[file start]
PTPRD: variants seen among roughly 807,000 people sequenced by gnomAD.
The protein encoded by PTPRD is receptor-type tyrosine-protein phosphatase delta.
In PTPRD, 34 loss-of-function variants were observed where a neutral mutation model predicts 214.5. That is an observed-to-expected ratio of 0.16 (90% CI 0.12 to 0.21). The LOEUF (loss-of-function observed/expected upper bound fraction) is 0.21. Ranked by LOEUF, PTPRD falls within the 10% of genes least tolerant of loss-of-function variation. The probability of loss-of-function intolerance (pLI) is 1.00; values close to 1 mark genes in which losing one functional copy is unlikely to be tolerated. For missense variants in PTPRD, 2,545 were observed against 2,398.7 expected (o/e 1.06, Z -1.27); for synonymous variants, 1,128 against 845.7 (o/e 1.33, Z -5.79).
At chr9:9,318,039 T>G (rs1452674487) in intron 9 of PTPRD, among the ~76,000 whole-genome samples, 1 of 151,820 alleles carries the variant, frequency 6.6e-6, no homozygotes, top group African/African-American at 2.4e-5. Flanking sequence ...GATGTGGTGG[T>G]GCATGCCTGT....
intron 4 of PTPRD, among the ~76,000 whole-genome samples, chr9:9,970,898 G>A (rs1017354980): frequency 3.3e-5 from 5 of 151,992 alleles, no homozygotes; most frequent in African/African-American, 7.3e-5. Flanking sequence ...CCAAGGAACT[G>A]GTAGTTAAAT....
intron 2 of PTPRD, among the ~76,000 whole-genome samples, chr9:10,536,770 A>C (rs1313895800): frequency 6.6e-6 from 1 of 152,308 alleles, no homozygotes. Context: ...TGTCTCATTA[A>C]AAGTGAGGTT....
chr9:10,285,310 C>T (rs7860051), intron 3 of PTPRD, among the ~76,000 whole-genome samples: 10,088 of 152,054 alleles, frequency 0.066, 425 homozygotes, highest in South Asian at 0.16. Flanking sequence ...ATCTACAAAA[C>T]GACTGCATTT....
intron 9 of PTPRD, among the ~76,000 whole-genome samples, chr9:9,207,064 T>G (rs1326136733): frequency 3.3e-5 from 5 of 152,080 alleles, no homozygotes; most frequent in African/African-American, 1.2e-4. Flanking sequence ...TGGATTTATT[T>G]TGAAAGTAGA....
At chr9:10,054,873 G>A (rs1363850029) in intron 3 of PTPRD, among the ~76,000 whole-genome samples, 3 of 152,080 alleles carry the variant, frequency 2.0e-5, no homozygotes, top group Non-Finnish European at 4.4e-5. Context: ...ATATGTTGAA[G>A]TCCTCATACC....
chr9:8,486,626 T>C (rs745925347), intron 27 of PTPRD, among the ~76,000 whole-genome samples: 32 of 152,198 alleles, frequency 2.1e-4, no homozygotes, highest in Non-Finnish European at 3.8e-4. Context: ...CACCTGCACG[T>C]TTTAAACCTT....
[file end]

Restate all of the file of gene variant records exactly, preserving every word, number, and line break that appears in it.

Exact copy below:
PTPRD: variants seen among roughly 807,000 people sequenced by gnomAD.
The protein encoded by PTPRD is receptor-type tyrosine-protein phosphatase delta.
In PTPRD, 34 loss-of-function variants were observed where a neutral mutation model predicts 214.5. That is an observed-to-expected ratio of 0.16 (90% CI 0.12 to 0.21). The LOEUF (loss-of-function observed/expected upper bound fraction) is 0.21. Ranked by LOEUF, PTPRD falls within the 10% of genes least tolerant of loss-of-function variation. The probability of loss-of-function intolerance (pLI) is 1.00; values close to 1 mark genes in which losing one functional copy is unlikely to be tolerated. For missense variants in PTPRD, 2,545 were observed against 2,398.7 expected (o/e 1.06, Z -1.27); for synonymous variants, 1,128 against 845.7 (o/e 1.33, Z -5.79).
At chr9:9,318,039 T>G (rs1452674487) in intron 9 of PTPRD, among the ~76,000 whole-genome samples, 1 of 151,820 alleles carries the variant, frequency 6.6e-6, no homozygotes, top group African/African-American at 2.4e-5. Flanking sequence ...GATGTGGTGG[T>G]GCATGCCTGT....
intron 4 of PTPRD, among the ~76,000 whole-genome samples, chr9:9,970,898 G>A (rs1017354980): frequency 3.3e-5 from 5 of 151,992 alleles, no homozygotes; most frequent in African/African-American, 7.3e-5. Flanking sequence ...CCAAGGAACT[G>A]GTAGTTAAAT....
intron 2 of PTPRD, among the ~76,000 whole-genome samples, chr9:10,536,770 A>C (rs1313895800): frequency 6.6e-6 from 1 of 152,308 alleles, no homozygotes. Context: ...TGTCTCATTA[A>C]AAGTGAGGTT....
chr9:10,285,310 C>T (rs7860051), intron 3 of PTPRD, among the ~76,000 whole-genome samples: 10,088 of 152,054 alleles, frequency 0.066, 425 homozygotes, highest in South Asian at 0.16. Flanking sequence ...ATCTACAAAA[C>T]GACTGCATTT....
intron 9 of PTPRD, among the ~76,000 whole-genome samples, chr9:9,207,064 T>G (rs1326136733): frequency 3.3e-5 from 5 of 152,080 alleles, no homozygotes; most frequent in African/African-American, 1.2e-4. Flanking sequence ...TGGATTTATT[T>G]TGAAAGTAGA....
At chr9:10,054,873 G>A (rs1363850029) in intron 3 of PTPRD, among the ~76,000 whole-genome samples, 3 of 152,080 alleles carry the variant, frequency 2.0e-5, no homozygotes, top group Non-Finnish European at 4.4e-5. Context: ...ATATGTTGAA[G>A]TCCTCATACC....
chr9:8,486,626 T>C (rs745925347), intron 27 of PTPRD, among the ~76,000 whole-genome samples: 32 of 152,198 alleles, frequency 2.1e-4, no homozygotes, highest in Non-Finnish European at 3.8e-4. Context: ...CACCTGCACG[T>C]TTTAAACCTT....